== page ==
New boosting alternatives to ritonavir: GS-99350 and SPI-452

GS-9350 is a potent CYP3A inhibitor currently in development by Gilead Sciences.

This oral presentation described the safety, tolerability and pharmacokinetics of GS-9350 and compared its effect on midazolam with that of ritonavir. [1]

The two key goals in the development programme were i) to maintain the potent mechanism based inhibition that ritonavir has on CYP3A and ii) to remove anti-HIV activity from the booster. In the laboratory screen there was greater specificity for inhibition of CYP3A versus some other CYP enzymes than ritonavir. Also there was less induction potential through activation of nuclear receptors than ritonavir and reduced potential for lipid abnormalities as assessed by in vitro adipocyte function tests.

Importantly the physiochemical properties of the molecule allow formulation as a solid dosage form. In the initial clinical studies GS-9350 was generally well tolerated and there was no evidence of PR or QTc prolongation. GS-9350 demonstrated non-linear pharmacokinetics and doses of 100 or 200 mg exhibited a similar inhibition effect on midazolam apparent clearance as that of ritonavir 100 mg (92%, 95% and 95%, respectively).

Based on these data a “quad” tablet containing tenofovir + emtricitabine + elvitegravir + GS-9350 will go forward to further study.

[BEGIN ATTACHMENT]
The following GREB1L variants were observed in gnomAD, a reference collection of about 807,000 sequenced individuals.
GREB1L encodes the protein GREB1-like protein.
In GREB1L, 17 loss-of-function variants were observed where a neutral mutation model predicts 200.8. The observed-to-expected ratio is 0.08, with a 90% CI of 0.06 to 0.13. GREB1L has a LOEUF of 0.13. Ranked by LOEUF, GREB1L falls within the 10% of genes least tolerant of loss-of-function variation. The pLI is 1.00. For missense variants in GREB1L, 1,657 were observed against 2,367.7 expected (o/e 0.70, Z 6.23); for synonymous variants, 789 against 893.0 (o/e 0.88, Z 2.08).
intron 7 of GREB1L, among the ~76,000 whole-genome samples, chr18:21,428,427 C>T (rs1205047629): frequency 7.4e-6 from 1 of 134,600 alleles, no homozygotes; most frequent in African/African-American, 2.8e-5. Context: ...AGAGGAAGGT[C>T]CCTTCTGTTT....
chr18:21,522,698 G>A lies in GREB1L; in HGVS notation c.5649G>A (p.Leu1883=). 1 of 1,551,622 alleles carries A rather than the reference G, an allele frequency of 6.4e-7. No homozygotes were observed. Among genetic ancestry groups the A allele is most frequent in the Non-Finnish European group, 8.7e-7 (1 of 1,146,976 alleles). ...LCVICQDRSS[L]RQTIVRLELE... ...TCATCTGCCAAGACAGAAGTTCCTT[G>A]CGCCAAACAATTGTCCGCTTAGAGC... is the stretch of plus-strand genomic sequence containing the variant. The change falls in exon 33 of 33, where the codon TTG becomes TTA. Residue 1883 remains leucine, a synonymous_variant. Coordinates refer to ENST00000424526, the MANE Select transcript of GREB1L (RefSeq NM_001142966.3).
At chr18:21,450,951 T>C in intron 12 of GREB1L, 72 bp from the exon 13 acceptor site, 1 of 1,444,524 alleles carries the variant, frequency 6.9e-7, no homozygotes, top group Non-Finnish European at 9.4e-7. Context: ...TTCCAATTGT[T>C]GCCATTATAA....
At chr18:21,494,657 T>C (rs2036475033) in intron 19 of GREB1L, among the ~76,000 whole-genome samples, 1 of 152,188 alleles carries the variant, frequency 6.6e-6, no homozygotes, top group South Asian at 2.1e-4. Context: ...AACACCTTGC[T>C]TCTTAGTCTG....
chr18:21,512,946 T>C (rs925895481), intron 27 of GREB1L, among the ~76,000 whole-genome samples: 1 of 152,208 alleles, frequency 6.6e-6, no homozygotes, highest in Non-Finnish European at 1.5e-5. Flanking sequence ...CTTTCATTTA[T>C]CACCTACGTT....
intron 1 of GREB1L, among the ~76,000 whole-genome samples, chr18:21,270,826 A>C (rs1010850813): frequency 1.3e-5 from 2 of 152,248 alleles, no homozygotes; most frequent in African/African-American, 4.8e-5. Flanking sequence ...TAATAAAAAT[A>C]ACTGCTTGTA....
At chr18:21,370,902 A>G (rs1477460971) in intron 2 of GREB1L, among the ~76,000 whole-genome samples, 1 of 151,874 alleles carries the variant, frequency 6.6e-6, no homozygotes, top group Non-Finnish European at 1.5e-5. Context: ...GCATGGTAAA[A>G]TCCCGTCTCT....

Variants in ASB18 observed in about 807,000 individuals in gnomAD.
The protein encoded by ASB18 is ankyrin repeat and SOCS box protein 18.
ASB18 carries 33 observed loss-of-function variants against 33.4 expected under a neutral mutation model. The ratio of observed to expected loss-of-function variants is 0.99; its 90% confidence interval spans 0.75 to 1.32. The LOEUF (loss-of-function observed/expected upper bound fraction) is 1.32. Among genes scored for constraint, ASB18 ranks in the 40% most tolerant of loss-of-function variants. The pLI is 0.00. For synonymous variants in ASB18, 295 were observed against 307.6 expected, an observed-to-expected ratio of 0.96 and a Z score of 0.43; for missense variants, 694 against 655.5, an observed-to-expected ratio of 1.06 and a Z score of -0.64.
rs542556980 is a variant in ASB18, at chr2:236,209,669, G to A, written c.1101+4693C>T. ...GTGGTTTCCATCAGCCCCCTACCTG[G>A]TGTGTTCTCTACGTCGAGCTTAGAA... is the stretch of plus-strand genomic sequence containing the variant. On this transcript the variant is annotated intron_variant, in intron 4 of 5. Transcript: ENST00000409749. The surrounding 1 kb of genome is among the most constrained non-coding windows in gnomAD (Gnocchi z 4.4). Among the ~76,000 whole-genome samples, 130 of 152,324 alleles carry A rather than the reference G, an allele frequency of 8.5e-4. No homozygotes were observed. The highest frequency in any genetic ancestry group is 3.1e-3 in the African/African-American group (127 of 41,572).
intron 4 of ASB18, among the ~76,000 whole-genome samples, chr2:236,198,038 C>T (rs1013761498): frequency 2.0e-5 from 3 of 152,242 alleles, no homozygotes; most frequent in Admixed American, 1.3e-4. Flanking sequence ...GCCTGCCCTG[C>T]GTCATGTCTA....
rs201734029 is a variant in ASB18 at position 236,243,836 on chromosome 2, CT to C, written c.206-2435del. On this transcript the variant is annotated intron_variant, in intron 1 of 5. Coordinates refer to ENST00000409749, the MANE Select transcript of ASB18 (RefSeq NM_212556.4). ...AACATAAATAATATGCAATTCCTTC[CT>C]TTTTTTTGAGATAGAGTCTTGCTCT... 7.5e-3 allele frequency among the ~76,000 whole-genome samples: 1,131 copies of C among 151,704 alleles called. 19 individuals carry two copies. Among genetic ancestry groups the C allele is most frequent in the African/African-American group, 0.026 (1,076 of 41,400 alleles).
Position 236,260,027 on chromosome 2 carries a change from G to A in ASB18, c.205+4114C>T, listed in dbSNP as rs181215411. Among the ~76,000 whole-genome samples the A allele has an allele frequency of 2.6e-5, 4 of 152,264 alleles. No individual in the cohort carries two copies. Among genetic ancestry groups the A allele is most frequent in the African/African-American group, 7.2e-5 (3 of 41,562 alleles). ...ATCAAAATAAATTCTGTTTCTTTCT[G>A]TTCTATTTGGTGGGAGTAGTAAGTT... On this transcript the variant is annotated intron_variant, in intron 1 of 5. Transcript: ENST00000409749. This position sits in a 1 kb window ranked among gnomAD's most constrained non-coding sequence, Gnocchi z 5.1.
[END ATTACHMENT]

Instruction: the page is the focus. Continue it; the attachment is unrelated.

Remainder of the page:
Sequoia Pharmaceuticals are developing SPI-452, a potent and selective inhibitor of CYP3A that also lacks antiviral activity. [2]

Its tolerability, pharmacokinetics and ability to booster darunavir and atazanavir were evaluated in healthy volunteers. When dosed up to 200 mg once daily for 15 days, SPI-452 was well tolerated and safe, with no serious adverse events. There were no significant changes in triglycerides or LDL cholesterol. Trough concentrations of darunavir were increased by 29-fold and those of atazanavir increased by 13-fold.


  1. Mathias A, et al. GS-9350: A pharmaco-enhancer without anti-HIV activity. 16th CROI, Montreal, 2009. Oral abstract 40.
  2. Gulnik S, et al. Preclinical and early clinical evaluation of SPI-452, a new pharmacokinetic enhancer. 16th CROI Montreal, 2009. Oral abstract 41.

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